On April 3rd, 2014, Living Social, a popular 'deal of the day' website that provides marketing and promotional services for local merchants, cancelled all of their active and pending firearms related promotions. This cancellation came as a direct result of the April 2nd shootings at Fort Hood in Killeen, TX that resulted in the deaths of three innocent people and the injury of 16 others.
It is clear by all accounts that the shooter, Ivan Lopez, was undergoing treatment for depression and anxiety and was distraught over a delay in granting liberty to allow him to attend his mother's funeral.
While certainly the loss of innocents lives sustained in the shootings is tragic, by canceling all firearms related promotions, Living Social would appear to be supporting the position that there is a gun issue here, when in reality it is a mental health issue.
While I am sensitive to the events that unfolded at Fort Hood, LivingSocial did not suspend airline or automobile-related promotions when the news broke of the missing Malaysian Airlines plane or the accident injuring and killing bystanders with a car during SXSW in Austin, TX.
People used an airplane and a car to cause harm; however, neither inanimate object caused harm on its own. If LivingSocial chooses to suspend a promotion in reaction to an event, then why do they not cancel promotions consistently as it relates to the respective tragedy or accident.
One of the businesses that was directly affected was my own company, Armed Personal Defense. On April 3rd, I received an email notification canceling our promotion one day before our Ultimate Firearms Safety course promotion was set to run. The representative could not tell me when or if our promotion would run in the future, but would only say that all firearms related promotions were cancelled 'indefinitely'.
As someone who had a 30 year career in business, I believe that it is poor business practice for a company that has a contract with a customer to unilaterally cancel or suspend that promotion as a knee-jerk reaction to an event, especially with virtually no notice. My own business made a significant investment in time, money and energy to prepare for the promotion, all of which was wasted as a result of the cancellation.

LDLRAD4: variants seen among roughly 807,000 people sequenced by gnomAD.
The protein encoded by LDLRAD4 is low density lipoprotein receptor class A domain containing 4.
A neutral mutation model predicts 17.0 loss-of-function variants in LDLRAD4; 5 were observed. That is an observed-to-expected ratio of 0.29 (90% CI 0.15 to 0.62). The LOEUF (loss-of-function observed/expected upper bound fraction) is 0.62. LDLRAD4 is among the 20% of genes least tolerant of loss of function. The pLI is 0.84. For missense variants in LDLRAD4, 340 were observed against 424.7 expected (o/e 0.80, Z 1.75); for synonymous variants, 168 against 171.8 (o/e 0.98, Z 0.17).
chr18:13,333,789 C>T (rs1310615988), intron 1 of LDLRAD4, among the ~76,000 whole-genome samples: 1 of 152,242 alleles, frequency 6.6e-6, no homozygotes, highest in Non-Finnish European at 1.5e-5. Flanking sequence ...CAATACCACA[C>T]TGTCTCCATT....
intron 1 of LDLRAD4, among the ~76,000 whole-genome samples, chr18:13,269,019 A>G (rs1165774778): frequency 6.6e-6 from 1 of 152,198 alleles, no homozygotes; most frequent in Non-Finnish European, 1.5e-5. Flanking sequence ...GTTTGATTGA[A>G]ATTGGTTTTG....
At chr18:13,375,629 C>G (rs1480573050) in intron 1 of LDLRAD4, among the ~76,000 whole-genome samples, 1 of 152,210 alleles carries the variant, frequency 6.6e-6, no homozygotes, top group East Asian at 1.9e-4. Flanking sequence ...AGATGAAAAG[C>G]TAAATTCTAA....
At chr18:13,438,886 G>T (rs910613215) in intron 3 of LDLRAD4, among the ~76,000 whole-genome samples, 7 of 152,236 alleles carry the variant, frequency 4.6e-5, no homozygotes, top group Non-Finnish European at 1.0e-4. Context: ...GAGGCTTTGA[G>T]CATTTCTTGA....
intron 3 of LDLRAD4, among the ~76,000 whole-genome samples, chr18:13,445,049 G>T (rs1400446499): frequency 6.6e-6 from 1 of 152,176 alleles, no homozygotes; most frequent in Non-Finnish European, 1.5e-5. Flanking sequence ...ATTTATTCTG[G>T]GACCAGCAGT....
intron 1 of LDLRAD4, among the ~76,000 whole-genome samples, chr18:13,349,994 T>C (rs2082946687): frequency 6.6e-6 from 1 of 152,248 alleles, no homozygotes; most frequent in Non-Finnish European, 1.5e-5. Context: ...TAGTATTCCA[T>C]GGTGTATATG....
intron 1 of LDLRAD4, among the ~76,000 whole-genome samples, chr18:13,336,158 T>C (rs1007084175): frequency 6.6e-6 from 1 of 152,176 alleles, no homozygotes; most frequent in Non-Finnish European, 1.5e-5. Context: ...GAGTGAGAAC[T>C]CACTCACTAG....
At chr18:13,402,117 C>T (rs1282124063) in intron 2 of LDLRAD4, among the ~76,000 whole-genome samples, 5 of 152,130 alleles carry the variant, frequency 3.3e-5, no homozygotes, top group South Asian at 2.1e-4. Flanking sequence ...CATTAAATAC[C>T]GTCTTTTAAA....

It is my view that by suspending firearms related promotions, Living Social is promoting the misconception that firearms related businesses and people that own firearms are the problem. Organizations like the NRA, Armed Personal Defense and gun owners everywhere do all they possible can to dispel this misconception.
Living Social needs to figure out that if people wish to cause others harm, they will find some means to do it and stop promoting the idea that certain inanimate objects like firearms are somehow evil and a source of harm to others.
Living Social should not be discriminating against businesses that promote lawful, useful and beneficial services for responsible gun owners because of the actions of a deranged individual or out of a misguided or perhaps even politically biased point of view about a certain industry.
Maybe at some point they will figure out that a substantial percentage of the households that they wish to do business with are gun owners. Based on data from the website Justfacts.com, as of 2010 there were between 47 and 53 million households with a gun and between 70 and 80 million adults that own a gun. That would seem to be a substantial percentage of the adult population that Living Social would like to have as customers.
Just a suggestion to Living Social, you might want to do your homework on the demographics before making a decision that could actually alienate a significant percentage of those households that you would like to reach, because a large majority of those gun owning households and business owners prefer to patronize companies that share their values instead of those that vilify them.